"compilerOptions": {
    "paths": {
      "my_lib" : ["./customPath"] // relative to baseUrl if specified
    }
  }
}

If you have source files located under several locations and you want to combine them, then you can use:

// tsconfig.json
{
  "compilerOptions": {
    "rootDirs": [
      "modules",
      "src",
      "ts/modules"
    ]
  }
}

To troubleshoot module resolution:

// tsconfig.json
{
  "compilerOptions": {
    "traceResolution": true
  }
}

Node with TypeScript

yarn add @types/node  

This Stack Overflow thread is about when to add @types to dependencies and when to devDependencies.

Type Guards

Type Guards are used to check whether you are dealing with a certain type or not. Getting from a more general type to a more specific type is called ‘Narrowing’. There are different ways to “type guard”, depending on what to test against. You can test against native values (string, number, boolean etc.), instances of classes or custom types.

Type Guard for native values

Here we check if year is a string or a number using typeof.

function showNextYear(year: string | number) {
    if(typeof year === "string") {
        const nextYear = parseInt(year, 10) + 1;
        console.log(`Next year is ${nextYear}`);
    } else {
        const nextYear = year + 1;
        console.log(`Next year is ${nextYear}`);
    }
}

showNextYear("2021");
showNextYear(2021);

Truthiness narrowing

Here we narrow down the type by checking the truthiness of strs:

function printAll(strs: string | string[] | null) {
  if (strs && typeof strs === "object") {
    for (const s of strs) {
      console.log(s);
    }
  } else if (typeof strs === "string") {
    console.log(strs);
  }
}

Instanceof Type Guard

class Deed {
    constructor(public action: string) { }
}

class Good extends Deed {
    constructor(action: string, public goodThing: string) {
        super(action);
    }
}

class Bad extends Deed {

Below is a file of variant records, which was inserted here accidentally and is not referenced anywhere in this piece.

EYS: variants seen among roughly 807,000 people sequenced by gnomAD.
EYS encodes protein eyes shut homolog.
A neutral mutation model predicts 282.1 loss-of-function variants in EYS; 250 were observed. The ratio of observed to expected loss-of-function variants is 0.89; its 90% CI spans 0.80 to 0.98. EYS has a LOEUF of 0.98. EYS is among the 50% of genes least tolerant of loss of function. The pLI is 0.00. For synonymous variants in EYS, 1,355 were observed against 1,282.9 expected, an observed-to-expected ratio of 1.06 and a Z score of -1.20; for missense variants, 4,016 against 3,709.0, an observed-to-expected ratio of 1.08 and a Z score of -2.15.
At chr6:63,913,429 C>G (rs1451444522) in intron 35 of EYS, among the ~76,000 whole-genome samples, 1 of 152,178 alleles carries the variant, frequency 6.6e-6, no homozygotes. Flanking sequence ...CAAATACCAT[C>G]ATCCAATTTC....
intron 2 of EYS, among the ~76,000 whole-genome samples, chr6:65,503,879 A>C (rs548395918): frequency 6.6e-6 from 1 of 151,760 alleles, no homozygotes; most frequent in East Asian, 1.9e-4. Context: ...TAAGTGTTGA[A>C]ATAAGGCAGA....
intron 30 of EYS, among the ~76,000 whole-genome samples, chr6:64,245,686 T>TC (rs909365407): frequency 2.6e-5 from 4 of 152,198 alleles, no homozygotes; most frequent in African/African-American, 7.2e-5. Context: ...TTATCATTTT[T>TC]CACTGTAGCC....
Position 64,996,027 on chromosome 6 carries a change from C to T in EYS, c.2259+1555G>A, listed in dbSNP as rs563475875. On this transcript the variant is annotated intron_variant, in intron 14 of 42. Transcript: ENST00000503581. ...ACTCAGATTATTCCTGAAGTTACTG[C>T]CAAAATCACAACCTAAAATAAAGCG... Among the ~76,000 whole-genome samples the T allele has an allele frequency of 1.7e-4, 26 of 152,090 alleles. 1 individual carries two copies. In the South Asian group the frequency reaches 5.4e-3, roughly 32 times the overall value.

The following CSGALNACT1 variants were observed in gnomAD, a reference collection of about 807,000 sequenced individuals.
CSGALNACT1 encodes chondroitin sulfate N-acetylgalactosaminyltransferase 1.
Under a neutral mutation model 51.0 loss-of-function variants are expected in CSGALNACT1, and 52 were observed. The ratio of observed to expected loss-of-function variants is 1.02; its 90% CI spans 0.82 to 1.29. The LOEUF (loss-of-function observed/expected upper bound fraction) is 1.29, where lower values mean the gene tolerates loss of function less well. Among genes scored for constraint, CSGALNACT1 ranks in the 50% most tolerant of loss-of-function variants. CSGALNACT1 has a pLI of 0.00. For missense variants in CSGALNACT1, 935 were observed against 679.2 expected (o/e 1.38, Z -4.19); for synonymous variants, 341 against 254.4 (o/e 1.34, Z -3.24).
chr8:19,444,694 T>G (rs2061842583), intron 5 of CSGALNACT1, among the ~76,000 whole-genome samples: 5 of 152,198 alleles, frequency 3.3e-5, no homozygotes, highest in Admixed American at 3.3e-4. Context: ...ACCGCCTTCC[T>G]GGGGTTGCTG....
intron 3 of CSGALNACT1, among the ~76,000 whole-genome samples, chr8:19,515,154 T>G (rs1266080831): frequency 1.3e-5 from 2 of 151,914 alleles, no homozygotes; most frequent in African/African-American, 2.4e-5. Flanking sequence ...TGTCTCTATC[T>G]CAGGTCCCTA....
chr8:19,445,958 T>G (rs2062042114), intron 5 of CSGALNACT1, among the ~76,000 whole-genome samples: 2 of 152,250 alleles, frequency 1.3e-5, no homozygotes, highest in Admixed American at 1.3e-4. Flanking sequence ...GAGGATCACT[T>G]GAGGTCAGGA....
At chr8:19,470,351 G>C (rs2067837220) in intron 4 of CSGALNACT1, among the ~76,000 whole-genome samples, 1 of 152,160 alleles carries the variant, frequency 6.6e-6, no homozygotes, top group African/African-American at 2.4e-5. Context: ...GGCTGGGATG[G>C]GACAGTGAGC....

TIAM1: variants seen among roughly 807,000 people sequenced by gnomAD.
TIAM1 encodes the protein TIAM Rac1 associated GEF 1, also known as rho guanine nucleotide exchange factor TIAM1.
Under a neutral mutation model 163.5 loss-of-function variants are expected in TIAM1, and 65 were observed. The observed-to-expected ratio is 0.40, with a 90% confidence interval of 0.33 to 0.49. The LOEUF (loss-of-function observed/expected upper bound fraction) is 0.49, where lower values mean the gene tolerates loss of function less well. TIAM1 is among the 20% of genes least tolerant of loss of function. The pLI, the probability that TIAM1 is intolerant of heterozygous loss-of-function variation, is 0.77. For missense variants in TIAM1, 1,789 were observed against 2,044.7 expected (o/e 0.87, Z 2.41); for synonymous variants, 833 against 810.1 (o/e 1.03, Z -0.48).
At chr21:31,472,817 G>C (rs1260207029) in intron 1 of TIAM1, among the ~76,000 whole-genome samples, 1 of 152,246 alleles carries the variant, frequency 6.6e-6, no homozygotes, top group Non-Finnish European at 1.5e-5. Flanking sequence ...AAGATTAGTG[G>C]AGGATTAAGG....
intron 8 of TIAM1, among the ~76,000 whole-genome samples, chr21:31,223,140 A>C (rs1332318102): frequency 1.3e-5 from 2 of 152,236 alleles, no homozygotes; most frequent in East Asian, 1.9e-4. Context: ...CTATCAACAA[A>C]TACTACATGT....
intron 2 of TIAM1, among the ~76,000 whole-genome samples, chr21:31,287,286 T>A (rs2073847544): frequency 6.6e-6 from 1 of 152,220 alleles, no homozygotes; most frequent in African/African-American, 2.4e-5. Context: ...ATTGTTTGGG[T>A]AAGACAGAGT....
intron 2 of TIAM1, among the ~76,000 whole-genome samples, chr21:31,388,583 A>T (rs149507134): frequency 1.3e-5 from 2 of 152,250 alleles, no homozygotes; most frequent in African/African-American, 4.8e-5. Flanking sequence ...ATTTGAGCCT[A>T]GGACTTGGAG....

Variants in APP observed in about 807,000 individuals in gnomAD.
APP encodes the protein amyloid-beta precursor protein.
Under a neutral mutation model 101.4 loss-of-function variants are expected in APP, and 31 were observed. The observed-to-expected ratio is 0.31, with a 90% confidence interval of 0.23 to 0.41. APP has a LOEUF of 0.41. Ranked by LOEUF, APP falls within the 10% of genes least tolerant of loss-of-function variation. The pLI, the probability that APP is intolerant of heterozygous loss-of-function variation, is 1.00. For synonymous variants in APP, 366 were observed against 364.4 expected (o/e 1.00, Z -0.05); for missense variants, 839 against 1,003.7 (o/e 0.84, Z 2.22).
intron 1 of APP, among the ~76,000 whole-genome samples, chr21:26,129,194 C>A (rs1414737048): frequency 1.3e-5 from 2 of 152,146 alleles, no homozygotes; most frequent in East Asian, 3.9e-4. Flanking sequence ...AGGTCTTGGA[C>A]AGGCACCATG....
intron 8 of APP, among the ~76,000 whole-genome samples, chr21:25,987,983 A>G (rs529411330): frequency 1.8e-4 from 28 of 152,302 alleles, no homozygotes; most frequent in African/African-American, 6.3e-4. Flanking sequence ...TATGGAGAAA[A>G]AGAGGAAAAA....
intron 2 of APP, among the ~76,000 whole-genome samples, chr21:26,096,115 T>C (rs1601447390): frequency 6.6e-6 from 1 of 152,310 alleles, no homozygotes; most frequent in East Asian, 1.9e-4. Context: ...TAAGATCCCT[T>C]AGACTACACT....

constructor(action: string, public badThing: string) {
        super(action);
    }
}

function yourAction(deed: Good | Bad) {
    if(deed instanceof Good) {
        console.log("Well done");
    } else {
        console.log("Please stop");
    }
}

yourAction({
    action: "donate",
    goodThing: "money"
});

yourAction({
    action: "waste",
    badThing: "food"
});

Custom Type Guard

interface Deed {
    action: string;
}

interface Good extends Deed {
    goodThing: string
}

interface Bad extends Deed {
    badThing: string
}

function isGood(deed: Deed): deed is Good {
    return deed.hasOwnProperty("goodThing");
}

function yourAction(deed: Good | Bad) {
    if(isGood(deed)) {
        console.log("Well done");
    } else {
        console.log("Please stop");
    }
}

yourAction({
    action: "donate",
    goodThing: "money"
});

yourAction({
    action: "waste",
    badThing: "food"
});

More narrowing

TypeScript is rather smart about automatically narrowing down types. In the following example we check if x is the same as y. If so, they both must be strings:

function example(x: string | number, y: string | boolean) {
  if (x === y) {
    // We can now call any 'string' method on 'x' or 'y'.
    x.toUpperCase();
          
(method) String.toUpperCase(): string
    y.toLowerCase();
          
(method) String.toLowerCase(): string
  } else {
    console.log(x);
               
(parameter) x: string | number
    console.log(y);
               
(parameter) y: string | boolean
  }
}

Same goes for in operator:

type Fish = { swim: () => void };
type Bird = { fly: () => void };
type Human = {  swim?: () => void, fly?: () => void };

function move(animal: Fish | Bird | Human) {
  if ("swim" in animal) { 
    animal
      
(parameter) animal: Fish | Human
  } else {
    animal
      
(parameter) animal: Bird | Human
  }
}

The never type

When narrowing, you can reduce the options of a union to a point where you have removed all possibilities and have nothing left. In those cases, TypeScript will use a never type to represent a state which shouldn’t exist.

Some functions never return a value:

function fail(msg: string): never {
  throw new Error(msg);
}

The unknown type

The unknown type represents any value. This is similar to the any type, but is safer because it’s not legal to do anything with an unknown value:

function f1(a: any) {
  a.b(); // OK
}
function f2(a: unknown) {
  a.b();
Object is of type 'unknown'.

}

You can describe a function that returns a value of unknown type:

function safeParse(s: string): unknown {
  return JSON.parse(s);
}

// Need to be careful with 'obj'!
const obj = safeParse(someRandomString);

The Function type

You should avoid untyped function calls like this, because of the unsafe any return type:

function doSomething(f: Function) {